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Alfred de Vigny

  • French poet
  • Born March 27, 1797
  • Died September 17, 1863

Alfred Victor, Comte de Vigny (27 March 1797 – 17 September 1863) was a French poet and early leader of French Romanticism. He also produced novels, plays, and translations of Shakespeare.


On the day when man told the story of his life to man, history was born.




Do you know that charming part of our country which has been called the garden of France - that spot where, amid verdant plains watered by wide streams, one inhales the purest air of heaven?




Of what use were the arts if they were only the reproduction and the imitation of life?




We shall find in our troubled hearts, where discord reigns, two needs which seem at variance, but which merge, as I think, in a common source - the love of the true, and the love of the fabulous.




One might almost reckon mathematically that, having undergone the double composition of public opinion and of the author, their history reaches us at third hand and is thus separated by two stages from the original fact.




We live in an age of universal investigation, and of exploration of the sources of all movements.




Of what use is the memory of facts, if not to serve as an example of good or of evil?




The human mind, I believe, cares for the True only in the general character of an epoch.




I think, then, that man, after having satisfied his first longing for facts, wanted something fuller - some grouping, some adaptation to his capacity and experience, of the links of this vast chain of events which his sight could not take in.




But it is the province of religion, of philosophy, of pure poetry only, to go beyond life, beyond time, into eternity.




What is the use of theorizing as to wherein lies the charm that moves us?




Do you not see with your own eyes the chrysalis fact assume by degrees the wings of fiction?




France, for example, loves at the same time history and the drama, because the one explores the vast destinies of humanity, and the other the individual lot of man.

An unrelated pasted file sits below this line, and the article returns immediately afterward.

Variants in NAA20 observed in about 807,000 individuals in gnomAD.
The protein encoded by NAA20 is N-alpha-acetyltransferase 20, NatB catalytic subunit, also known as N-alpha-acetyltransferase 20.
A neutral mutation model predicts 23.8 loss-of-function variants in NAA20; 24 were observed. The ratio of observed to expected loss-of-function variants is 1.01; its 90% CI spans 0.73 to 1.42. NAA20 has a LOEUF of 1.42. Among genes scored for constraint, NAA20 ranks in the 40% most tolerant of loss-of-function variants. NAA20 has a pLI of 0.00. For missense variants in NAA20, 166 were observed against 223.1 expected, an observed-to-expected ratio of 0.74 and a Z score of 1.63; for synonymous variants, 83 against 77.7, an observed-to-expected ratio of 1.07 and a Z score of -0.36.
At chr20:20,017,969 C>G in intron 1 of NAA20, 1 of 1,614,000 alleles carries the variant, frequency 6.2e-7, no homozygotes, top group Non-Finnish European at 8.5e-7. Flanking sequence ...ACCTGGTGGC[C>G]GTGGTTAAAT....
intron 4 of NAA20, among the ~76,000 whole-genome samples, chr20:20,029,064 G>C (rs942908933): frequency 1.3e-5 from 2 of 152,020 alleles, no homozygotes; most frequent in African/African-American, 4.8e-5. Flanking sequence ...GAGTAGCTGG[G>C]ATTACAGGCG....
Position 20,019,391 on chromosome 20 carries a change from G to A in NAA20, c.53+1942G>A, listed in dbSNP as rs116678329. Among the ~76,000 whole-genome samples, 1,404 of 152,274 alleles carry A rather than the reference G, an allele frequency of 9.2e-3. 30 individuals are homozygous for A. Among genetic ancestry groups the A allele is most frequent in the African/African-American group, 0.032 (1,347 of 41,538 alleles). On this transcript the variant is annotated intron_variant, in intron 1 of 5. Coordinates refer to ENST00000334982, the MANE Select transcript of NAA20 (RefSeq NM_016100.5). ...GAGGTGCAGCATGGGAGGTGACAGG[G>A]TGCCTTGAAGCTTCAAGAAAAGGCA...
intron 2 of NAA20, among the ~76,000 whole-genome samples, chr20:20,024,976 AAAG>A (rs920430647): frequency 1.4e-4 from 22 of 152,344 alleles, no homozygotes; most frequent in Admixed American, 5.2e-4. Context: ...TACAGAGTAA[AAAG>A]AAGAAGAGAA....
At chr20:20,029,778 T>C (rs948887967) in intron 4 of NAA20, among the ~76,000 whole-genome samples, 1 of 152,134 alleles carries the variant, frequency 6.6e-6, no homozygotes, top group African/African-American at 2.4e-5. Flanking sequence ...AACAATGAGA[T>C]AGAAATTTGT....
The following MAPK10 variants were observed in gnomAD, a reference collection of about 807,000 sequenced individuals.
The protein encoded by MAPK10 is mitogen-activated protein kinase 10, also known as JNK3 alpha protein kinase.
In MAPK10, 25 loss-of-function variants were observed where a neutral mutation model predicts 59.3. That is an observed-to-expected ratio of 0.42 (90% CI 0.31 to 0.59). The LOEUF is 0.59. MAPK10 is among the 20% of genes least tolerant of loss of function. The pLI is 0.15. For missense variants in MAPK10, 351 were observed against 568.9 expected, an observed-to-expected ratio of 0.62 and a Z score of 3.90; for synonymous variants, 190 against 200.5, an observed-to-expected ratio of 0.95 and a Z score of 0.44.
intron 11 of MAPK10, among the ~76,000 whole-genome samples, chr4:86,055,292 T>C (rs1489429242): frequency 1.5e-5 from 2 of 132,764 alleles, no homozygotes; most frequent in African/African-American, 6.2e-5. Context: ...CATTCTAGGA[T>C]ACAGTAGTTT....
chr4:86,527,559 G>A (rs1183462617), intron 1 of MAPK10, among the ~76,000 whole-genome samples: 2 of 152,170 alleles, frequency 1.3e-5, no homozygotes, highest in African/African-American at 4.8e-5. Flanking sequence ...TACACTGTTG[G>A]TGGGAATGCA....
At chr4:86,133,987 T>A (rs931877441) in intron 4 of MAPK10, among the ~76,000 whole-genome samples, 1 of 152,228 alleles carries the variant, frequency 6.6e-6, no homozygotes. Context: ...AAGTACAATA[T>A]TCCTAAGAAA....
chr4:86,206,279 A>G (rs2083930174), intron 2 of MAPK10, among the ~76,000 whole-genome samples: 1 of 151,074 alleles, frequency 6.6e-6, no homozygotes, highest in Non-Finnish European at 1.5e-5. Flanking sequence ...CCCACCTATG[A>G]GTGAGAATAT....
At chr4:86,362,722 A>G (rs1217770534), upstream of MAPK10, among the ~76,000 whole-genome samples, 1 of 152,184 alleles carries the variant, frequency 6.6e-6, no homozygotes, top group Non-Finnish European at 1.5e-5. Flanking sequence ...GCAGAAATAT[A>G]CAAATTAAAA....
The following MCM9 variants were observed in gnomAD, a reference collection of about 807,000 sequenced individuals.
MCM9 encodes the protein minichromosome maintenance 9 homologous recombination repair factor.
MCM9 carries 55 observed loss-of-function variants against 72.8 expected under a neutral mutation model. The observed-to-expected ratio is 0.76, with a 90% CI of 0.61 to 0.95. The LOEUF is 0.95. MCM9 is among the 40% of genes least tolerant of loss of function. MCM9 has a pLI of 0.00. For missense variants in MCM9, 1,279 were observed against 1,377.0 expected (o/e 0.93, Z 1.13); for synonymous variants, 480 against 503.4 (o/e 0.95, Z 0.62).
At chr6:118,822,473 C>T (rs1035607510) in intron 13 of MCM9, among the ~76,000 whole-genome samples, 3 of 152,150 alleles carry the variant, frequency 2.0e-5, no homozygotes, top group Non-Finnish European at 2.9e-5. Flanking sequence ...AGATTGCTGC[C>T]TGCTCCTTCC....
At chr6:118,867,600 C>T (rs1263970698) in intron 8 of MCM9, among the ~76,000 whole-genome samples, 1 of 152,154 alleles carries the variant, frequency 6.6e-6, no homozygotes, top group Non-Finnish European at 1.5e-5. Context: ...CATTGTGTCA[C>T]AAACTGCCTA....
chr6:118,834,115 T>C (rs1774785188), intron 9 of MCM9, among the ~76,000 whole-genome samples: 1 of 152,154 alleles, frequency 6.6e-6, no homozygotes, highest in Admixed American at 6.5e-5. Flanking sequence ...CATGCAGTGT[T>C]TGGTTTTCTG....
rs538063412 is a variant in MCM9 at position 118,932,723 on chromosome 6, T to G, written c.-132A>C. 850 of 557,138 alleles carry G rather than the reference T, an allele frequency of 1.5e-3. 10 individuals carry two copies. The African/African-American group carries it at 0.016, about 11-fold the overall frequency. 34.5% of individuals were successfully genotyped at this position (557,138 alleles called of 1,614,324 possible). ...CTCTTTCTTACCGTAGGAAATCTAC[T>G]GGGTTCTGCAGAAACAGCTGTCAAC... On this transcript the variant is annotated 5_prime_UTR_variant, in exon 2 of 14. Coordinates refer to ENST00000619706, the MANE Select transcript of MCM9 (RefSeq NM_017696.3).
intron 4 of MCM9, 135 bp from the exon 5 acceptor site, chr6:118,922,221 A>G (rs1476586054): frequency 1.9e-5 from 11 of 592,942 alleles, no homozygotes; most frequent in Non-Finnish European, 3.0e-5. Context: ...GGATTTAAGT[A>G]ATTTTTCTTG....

The study of social progress is today not less needed in literature than is the analysis of the human heart.




The acts of the human race on the world's stage have doubtless a coherent unity, but the meaning of the vast tragedy enacted will be visible only to the eye of God, until the end, which will reveal it perhaps to the last man.




Of late years (perhaps as a result of our political changes) art has borrowed from history more than ever.




No writer, no matter how gifted, immortalizes himself unless he has crystallized into expressive and original phrase the eternal sentiments and yearnings of the human heart.




What it values most of all is the sum total of events and the advance of civilization, which carries individuals along with it; but, indifferent to details, it cares less to have them real than noble or, rather, grand and complete.




Just as we descend into our consciences to judge of actions which our minds can not weigh, can we not also search in ourselves for the feeling which gives birth to forms of thought, always vague and cloudy?




Art ought never to be considered except in its relations with its ideal beauty.




From this, without doubt, sprang the fable. Man created it thus, because it was not given him to see more than himself and nature, which surrounds him; but he created it true with a truth all its own.



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